Yelp domains that can supplement and inform traditional surveys of the patient experience of care.
- Cost of hospital visit
- Insurance billing
- Ancillary testing
- Compassion of staff
- Family member care
- Quality of nursing
- Quality of staff
- Quality of technical aspects of care
- Specific type of medical care
The representation of vascular surgeons on physician rating websites is varied, with the majority of the vascular surgeons represented only in half of the physician rating websites. The number of quantitative and qualitative reviews for vascular surgeons is low; therefore, no surgeon responded to any of the reviews. The activity of the vascular surgeons in this area of social media is low and reflects a small digital footprint that patients can reach and review. Healthgrades, Vitals, and WebMD are the most recommended physician rating platforms for vascular surgeons to focus on to promote and improve their practice.
Conflicts of Interest
Definitions of physician profiles.DOCX File , 21 KB
List of physician rating websites included in our study.DOCX File , 22 KB
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|HIPAA: Health Insurance Portability and Accountability Act|
|SAVS: Southern Association for Vascular Surgery|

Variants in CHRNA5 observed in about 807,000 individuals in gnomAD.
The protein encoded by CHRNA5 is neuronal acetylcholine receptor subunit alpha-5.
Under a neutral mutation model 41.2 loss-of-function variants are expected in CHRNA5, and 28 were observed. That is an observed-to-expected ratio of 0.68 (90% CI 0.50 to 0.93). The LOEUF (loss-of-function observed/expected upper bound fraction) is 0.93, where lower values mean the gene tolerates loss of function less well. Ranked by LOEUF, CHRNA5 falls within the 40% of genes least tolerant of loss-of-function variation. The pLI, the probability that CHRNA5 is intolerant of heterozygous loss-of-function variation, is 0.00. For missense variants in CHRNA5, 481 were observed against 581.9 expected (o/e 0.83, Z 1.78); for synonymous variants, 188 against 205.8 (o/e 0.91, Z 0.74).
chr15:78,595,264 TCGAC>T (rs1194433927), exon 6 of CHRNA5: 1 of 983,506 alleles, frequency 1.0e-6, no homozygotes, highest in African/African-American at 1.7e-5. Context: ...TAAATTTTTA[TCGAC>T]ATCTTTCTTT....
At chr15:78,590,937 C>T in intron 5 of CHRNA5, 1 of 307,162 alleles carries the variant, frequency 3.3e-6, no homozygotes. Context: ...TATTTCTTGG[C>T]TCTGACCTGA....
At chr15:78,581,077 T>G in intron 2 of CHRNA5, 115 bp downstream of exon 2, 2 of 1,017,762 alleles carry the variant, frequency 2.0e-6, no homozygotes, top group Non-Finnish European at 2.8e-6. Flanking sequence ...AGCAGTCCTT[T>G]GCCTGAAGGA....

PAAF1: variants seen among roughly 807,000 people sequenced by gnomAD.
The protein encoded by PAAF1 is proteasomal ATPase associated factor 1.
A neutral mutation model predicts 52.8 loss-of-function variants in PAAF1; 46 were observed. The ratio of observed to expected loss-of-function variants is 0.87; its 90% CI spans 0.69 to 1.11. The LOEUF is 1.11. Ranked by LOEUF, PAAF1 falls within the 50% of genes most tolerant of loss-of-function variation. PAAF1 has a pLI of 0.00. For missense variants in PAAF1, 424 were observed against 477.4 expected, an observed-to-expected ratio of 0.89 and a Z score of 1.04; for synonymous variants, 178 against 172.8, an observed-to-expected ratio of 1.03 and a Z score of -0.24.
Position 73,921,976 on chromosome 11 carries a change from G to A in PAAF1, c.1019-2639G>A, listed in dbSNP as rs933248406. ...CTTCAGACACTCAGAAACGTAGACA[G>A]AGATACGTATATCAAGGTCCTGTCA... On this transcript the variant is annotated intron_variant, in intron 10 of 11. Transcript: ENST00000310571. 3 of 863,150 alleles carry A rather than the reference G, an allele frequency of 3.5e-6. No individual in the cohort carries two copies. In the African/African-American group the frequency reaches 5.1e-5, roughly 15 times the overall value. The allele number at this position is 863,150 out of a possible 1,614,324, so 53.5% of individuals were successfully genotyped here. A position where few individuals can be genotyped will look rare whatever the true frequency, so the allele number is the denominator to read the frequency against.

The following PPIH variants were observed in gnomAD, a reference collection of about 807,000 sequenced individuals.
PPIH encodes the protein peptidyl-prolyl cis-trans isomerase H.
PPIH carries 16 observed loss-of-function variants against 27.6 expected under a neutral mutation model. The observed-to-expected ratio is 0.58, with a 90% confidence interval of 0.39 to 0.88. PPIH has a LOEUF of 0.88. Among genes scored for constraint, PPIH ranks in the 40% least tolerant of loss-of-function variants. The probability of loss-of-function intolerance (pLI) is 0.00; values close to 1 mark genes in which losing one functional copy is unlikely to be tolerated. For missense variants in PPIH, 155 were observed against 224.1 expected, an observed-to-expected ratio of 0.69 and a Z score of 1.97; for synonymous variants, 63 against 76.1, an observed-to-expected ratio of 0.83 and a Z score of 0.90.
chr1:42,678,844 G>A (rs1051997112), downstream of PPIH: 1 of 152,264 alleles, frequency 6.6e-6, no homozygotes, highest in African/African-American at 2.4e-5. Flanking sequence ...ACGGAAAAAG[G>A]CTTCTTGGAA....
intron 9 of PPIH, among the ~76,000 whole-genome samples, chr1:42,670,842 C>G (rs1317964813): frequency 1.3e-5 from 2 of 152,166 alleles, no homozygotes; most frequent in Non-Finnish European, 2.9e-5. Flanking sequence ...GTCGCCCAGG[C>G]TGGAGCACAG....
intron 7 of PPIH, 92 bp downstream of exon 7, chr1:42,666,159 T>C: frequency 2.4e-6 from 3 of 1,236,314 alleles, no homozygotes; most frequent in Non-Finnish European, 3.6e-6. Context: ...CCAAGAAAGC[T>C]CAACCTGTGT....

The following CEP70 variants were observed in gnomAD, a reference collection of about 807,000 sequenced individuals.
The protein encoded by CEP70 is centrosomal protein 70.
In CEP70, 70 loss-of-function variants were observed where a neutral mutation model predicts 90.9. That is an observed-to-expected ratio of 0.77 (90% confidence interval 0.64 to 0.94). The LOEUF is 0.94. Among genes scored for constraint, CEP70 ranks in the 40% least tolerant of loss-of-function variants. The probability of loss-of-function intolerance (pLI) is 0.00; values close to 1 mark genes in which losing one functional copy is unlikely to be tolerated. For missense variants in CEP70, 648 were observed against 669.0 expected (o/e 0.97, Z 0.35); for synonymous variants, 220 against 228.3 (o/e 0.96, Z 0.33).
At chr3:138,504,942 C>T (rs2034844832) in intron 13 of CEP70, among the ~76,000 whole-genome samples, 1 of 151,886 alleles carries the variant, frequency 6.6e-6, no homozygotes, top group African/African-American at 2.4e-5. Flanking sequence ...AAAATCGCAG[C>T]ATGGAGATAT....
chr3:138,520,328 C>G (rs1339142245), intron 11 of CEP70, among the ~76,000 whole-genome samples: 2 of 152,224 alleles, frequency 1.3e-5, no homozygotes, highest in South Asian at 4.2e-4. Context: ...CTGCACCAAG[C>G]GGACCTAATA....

Edited by G Eysenbach; submitted 28.07.20; peer-reviewed by J Hart, H Moon; comments to author 17.11.20; revised version received 04.01.21; accepted 14.01.21; published 24.02.21Copyright
©Qi Yan, Katherine J Jensen, Rose Thomas, Alyssa R Field, Zheng Jiang, Christian Goei, Mark G Davies. Originally published in JMIR Cardio (http://cardio.jmir.org), 24.02.2021.
This is an open-access article distributed under the terms of the Creative Commons Attribution License (https://creativecommons.org/licenses/by/4.0/), which permits unrestricted use, distribution, and reproduction in any medium, provided the original work, first published in JMIR Cardio, is properly cited. The complete bibliographic information, a link to the original publication on http://cardio.jmir.org, as well as this copyright and license information must be included.